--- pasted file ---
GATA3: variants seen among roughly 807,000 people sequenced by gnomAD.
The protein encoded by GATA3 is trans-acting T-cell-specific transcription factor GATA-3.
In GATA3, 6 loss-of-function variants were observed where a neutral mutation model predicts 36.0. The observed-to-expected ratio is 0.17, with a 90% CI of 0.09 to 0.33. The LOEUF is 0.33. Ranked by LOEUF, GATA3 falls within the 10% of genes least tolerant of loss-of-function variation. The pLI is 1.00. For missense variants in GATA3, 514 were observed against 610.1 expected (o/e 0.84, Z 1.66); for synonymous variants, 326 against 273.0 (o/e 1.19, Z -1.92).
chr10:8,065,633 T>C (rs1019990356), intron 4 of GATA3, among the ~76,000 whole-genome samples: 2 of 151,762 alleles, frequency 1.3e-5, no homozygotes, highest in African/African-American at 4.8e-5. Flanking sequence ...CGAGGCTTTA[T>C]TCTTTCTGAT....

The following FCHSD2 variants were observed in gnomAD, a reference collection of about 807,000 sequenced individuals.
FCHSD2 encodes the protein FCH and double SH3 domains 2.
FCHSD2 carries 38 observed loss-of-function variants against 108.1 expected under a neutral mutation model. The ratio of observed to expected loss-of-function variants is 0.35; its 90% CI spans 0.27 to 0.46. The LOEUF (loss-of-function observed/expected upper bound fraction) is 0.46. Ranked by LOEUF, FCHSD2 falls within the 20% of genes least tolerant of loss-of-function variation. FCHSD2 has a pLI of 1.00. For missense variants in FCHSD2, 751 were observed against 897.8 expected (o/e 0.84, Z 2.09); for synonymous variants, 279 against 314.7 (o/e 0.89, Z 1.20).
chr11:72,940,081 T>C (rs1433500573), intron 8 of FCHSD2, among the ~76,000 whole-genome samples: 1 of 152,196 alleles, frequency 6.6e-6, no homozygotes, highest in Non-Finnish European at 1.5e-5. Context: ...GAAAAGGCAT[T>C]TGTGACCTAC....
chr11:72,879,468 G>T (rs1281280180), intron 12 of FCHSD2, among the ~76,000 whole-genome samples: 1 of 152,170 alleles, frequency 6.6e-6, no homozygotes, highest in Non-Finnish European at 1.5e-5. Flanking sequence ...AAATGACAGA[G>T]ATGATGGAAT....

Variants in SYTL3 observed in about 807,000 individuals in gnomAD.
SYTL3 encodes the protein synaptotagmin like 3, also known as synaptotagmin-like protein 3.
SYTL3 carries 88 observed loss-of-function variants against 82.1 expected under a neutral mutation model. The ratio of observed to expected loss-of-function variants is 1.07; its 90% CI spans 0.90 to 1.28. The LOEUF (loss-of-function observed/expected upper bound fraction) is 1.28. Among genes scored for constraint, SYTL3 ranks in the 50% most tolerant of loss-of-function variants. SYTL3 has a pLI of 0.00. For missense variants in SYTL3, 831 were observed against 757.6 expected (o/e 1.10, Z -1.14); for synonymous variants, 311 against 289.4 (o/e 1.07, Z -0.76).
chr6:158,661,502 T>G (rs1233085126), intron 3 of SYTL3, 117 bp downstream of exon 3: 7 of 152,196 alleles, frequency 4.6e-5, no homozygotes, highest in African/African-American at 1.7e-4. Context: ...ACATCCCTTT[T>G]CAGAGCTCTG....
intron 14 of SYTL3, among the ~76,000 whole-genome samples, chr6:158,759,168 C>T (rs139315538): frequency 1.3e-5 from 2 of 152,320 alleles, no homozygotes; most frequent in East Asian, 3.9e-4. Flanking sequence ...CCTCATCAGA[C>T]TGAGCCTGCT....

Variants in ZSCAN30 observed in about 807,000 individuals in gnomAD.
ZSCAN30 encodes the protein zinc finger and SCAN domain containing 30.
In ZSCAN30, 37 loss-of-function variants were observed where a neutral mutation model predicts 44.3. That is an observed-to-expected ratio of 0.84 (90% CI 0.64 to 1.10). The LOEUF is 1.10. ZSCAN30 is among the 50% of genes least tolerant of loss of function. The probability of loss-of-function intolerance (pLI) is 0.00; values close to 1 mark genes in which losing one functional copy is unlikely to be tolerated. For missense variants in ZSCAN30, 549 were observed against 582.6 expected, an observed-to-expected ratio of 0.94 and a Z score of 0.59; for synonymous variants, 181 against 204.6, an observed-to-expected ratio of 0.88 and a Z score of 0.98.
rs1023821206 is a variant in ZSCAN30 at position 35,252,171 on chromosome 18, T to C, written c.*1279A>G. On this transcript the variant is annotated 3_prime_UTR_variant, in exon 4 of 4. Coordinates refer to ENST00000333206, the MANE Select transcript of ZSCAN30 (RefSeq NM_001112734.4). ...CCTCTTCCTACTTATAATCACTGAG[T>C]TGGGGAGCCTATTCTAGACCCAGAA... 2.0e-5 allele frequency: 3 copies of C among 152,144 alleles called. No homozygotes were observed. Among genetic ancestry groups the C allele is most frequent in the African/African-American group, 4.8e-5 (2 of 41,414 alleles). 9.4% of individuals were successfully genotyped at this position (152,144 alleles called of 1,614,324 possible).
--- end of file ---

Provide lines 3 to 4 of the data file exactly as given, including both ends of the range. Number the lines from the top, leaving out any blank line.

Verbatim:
In GATA3, 6 loss-of-function variants were observed where a neutral mutation model predicts 36.0. The observed-to-expected ratio is 0.17, with a 90% CI of 0.09 to 0.33. The LOEUF is 0.33. Ranked by LOEUF, GATA3 falls within the 10% of genes least tolerant of loss-of-function variation. The pLI is 1.00. For missense variants in GATA3, 514 were observed against 610.1 expected (o/e 0.84, Z 1.66); for synonymous variants, 326 against 273.0 (o/e 1.19, Z -1.92).
chr10:8,065,633 T>C (rs1019990356), intron 4 of GATA3, among the ~76,000 whole-genome samples: 2 of 151,762 alleles, frequency 1.3e-5, no homozygotes, highest in African/African-American at 4.8e-5. Flanking sequence ...CGAGGCTTTA[T>C]TCTTTCTGAT....